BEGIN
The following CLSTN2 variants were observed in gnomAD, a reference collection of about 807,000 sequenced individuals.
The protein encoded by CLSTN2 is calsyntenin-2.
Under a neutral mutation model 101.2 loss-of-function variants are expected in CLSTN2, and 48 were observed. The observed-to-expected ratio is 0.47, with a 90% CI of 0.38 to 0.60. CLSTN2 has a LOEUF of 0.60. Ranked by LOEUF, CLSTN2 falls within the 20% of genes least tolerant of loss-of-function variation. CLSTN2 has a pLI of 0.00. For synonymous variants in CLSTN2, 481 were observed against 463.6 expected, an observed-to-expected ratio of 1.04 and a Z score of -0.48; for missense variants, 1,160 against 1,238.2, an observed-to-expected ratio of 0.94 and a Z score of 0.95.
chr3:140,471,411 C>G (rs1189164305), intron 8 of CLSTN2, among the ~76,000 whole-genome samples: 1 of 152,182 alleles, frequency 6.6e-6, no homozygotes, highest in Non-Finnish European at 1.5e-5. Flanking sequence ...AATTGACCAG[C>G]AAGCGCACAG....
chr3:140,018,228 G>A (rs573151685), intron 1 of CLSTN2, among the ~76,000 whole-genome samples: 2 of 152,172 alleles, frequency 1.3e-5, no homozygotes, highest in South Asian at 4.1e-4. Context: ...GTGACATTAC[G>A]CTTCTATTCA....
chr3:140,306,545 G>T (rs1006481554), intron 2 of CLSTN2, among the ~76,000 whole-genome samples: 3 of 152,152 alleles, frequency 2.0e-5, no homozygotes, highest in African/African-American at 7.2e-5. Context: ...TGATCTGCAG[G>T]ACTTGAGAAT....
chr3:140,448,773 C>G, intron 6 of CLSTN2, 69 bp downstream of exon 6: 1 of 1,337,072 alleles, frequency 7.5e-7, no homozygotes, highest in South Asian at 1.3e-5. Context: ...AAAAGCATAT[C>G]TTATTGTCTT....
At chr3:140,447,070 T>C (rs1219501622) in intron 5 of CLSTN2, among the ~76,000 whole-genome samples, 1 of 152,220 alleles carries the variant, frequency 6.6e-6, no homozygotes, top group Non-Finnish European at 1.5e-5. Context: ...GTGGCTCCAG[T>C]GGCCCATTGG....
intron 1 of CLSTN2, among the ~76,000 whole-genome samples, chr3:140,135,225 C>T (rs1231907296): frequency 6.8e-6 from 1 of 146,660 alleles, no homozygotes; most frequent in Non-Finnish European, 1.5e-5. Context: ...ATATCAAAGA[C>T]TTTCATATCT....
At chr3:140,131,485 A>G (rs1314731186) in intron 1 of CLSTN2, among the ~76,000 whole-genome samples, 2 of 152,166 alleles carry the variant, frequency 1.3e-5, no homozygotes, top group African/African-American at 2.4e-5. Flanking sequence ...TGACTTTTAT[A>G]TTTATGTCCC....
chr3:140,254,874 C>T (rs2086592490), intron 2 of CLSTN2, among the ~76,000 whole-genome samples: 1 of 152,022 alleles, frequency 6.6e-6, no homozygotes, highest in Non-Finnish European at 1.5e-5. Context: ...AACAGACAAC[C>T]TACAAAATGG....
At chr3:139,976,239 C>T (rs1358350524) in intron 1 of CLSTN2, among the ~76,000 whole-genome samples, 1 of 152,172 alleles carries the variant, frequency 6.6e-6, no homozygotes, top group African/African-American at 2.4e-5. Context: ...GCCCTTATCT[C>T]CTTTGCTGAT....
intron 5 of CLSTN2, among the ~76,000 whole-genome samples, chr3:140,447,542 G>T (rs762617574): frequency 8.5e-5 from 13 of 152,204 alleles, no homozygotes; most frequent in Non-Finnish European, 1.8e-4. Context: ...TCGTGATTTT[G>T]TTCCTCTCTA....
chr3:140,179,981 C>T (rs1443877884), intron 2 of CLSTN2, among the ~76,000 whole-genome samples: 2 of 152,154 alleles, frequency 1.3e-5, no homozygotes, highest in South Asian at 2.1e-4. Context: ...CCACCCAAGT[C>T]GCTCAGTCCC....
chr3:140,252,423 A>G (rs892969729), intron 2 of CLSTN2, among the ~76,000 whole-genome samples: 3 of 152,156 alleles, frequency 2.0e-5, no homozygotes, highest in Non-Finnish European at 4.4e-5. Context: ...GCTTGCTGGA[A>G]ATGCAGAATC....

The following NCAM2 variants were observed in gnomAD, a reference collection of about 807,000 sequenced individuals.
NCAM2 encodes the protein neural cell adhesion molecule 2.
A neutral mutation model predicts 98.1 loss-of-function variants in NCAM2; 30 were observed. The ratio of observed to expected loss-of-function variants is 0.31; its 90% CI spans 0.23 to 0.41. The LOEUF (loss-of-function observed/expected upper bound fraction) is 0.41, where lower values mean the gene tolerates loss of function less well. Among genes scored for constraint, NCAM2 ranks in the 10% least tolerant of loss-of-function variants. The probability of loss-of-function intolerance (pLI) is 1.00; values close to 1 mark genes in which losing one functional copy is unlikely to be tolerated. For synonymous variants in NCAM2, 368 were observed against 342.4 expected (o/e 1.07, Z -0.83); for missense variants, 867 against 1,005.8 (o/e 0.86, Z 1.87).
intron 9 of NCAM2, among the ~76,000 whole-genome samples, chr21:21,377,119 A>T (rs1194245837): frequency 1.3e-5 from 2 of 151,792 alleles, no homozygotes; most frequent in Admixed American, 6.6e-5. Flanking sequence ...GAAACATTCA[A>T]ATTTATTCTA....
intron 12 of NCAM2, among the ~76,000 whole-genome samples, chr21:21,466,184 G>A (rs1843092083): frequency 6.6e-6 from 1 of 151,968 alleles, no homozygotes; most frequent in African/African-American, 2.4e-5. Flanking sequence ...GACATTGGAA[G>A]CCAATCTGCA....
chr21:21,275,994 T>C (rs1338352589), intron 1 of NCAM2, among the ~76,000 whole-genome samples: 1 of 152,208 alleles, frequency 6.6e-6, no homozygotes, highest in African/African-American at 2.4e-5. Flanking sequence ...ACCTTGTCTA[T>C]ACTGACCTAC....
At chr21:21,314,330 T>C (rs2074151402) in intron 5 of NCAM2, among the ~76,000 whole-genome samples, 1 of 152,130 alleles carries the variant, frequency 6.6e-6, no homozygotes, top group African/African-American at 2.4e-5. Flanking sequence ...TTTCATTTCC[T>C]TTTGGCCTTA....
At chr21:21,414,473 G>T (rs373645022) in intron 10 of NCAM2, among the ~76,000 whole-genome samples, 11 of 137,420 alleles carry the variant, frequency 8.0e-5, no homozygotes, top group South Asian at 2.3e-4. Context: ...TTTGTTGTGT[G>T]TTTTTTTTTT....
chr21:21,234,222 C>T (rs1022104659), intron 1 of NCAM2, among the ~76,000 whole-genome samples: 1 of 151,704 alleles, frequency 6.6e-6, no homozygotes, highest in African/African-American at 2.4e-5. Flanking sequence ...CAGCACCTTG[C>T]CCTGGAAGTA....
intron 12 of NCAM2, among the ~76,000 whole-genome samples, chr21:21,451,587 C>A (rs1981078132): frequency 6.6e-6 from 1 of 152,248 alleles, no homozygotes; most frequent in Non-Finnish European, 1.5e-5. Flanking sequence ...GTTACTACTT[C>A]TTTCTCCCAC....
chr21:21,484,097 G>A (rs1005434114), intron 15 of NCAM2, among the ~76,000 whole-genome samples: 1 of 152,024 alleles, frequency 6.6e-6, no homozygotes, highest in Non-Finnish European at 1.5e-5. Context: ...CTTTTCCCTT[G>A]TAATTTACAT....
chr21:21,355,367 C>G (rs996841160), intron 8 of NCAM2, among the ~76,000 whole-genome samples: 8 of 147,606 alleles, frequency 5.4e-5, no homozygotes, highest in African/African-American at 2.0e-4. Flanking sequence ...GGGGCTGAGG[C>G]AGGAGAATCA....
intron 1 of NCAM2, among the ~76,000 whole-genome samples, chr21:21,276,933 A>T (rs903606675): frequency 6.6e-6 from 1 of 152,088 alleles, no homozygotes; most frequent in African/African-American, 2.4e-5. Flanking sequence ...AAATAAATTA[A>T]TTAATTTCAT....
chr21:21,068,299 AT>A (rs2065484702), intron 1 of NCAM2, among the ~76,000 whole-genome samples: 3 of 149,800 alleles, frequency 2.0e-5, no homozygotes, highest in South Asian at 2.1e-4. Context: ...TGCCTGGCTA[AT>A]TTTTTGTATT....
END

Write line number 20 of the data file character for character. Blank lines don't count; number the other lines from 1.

intron 12 of NCAM2, among the ~76,000 whole-genome samples, chr21:21,466,184 G>A (rs1843092083): frequency 6.6e-6 from 1 of 151,968 alleles, no homozygotes; most frequent in African/African-American, 2.4e-5. Flanking sequence ...GACATTGGAA[G>A]CCAATCTGCA....